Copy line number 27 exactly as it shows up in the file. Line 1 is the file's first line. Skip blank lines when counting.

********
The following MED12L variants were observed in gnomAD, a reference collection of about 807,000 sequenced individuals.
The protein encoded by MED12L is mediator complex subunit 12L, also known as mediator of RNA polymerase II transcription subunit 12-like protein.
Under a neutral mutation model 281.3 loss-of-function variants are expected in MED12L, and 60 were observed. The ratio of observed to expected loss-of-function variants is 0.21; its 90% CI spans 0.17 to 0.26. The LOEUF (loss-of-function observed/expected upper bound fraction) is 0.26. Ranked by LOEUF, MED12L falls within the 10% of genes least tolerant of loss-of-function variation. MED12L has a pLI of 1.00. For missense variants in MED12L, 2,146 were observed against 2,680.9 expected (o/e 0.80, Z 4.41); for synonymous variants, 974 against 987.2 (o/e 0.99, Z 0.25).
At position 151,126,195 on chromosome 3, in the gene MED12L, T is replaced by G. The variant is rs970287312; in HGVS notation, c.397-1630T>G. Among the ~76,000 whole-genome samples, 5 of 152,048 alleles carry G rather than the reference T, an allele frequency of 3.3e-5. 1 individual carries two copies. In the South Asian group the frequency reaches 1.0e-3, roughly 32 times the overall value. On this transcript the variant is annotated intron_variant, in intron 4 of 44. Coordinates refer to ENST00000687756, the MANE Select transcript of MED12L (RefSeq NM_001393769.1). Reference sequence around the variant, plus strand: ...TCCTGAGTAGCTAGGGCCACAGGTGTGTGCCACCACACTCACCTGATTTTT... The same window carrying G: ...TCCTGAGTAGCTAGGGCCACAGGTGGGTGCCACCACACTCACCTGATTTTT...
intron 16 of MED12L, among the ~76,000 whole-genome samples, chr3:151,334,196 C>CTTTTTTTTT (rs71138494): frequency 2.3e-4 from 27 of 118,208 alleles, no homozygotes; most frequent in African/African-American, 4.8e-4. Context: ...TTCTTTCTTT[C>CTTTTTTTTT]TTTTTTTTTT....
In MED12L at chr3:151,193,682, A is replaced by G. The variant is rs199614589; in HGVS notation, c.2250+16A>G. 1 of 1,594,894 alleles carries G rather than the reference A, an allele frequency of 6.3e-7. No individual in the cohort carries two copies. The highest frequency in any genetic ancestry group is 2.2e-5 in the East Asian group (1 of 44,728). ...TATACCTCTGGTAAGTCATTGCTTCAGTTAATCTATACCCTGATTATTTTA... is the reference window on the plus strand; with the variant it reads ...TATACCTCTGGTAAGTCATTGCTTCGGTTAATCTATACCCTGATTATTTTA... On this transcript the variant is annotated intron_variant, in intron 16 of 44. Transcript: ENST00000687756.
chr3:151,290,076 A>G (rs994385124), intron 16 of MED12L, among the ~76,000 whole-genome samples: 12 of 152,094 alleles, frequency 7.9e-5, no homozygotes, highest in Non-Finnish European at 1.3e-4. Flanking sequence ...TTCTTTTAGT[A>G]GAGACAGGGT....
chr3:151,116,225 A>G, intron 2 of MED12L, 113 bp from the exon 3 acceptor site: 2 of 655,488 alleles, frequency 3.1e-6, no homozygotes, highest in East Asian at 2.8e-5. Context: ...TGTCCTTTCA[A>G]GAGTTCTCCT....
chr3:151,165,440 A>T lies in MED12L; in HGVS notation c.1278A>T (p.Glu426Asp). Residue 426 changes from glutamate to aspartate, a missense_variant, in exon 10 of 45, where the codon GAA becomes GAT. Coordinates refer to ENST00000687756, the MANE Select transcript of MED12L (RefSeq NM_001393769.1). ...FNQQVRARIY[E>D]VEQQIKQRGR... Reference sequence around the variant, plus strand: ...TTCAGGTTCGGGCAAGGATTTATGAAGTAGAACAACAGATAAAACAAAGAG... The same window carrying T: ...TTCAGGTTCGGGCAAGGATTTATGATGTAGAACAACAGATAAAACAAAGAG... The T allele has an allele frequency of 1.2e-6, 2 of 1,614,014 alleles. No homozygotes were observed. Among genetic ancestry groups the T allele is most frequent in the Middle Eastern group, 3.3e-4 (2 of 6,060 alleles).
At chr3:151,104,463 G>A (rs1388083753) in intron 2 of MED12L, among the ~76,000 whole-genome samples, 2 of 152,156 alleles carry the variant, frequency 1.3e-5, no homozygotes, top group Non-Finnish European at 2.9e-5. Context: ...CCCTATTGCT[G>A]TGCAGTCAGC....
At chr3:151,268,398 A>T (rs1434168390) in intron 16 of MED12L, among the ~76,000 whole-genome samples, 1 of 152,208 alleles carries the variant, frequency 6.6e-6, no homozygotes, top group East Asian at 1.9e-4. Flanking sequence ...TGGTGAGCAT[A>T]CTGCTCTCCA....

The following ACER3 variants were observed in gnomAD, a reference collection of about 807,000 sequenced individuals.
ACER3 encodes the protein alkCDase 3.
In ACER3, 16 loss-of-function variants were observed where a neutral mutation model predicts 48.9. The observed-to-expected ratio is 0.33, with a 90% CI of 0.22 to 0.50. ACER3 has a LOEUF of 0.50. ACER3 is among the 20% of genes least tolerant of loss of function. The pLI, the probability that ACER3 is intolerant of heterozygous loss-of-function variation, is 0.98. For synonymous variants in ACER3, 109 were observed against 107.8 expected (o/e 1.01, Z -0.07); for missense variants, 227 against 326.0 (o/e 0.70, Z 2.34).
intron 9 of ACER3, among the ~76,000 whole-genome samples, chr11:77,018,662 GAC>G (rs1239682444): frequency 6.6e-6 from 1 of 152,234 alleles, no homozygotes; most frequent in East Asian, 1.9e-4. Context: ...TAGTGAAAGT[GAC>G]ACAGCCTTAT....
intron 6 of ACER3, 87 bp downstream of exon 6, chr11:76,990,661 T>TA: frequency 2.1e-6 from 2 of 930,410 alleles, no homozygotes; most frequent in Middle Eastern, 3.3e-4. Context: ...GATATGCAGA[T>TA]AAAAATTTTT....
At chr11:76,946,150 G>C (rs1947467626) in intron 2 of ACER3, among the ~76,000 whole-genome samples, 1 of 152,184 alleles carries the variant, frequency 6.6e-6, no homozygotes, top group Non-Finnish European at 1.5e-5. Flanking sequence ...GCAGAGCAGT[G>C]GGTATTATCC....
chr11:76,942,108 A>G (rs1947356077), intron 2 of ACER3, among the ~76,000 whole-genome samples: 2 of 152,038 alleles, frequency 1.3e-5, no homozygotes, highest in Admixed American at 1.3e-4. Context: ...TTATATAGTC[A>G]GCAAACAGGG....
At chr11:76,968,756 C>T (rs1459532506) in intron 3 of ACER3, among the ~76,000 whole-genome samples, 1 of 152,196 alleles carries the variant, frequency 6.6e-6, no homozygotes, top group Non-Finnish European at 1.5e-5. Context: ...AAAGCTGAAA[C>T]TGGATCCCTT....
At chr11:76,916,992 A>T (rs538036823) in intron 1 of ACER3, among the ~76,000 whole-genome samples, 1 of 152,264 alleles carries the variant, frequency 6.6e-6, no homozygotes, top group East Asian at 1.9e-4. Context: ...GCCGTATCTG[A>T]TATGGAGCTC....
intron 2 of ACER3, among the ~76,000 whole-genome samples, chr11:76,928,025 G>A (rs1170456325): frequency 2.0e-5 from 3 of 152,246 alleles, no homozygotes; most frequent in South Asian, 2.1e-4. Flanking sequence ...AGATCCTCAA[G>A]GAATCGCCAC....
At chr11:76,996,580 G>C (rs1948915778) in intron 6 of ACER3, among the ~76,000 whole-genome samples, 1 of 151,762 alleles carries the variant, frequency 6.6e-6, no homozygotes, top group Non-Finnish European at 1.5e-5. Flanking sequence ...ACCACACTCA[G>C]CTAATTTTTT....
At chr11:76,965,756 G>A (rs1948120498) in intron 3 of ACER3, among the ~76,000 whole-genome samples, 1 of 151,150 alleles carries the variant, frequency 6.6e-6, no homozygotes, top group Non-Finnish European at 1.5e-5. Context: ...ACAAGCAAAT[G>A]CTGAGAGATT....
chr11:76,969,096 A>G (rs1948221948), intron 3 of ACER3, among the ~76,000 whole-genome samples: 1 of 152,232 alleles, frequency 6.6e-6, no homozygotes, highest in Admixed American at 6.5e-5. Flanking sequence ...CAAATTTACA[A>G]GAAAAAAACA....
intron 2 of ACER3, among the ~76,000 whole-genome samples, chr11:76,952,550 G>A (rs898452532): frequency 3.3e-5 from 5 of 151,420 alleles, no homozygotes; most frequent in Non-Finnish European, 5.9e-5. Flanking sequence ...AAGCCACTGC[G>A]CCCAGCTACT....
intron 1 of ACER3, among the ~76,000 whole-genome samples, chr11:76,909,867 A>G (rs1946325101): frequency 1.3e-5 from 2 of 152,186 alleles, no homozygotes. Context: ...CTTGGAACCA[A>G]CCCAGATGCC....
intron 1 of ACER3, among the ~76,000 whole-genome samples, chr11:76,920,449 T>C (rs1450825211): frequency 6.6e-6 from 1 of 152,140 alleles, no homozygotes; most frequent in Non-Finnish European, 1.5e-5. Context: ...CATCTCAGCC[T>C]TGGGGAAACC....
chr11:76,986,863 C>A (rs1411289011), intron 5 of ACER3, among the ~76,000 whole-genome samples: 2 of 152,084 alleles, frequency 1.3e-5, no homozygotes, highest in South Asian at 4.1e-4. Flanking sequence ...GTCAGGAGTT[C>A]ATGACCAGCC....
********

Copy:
intron 1 of ACER3, among the ~76,000 whole-genome samples, chr11:76,920,449 T>C (rs1450825211): frequency 6.6e-6 from 1 of 152,140 alleles, no homozygotes; most frequent in Non-Finnish European, 1.5e-5. Context: ...CATCTCAGCC[T>C]TGGGGAAACC....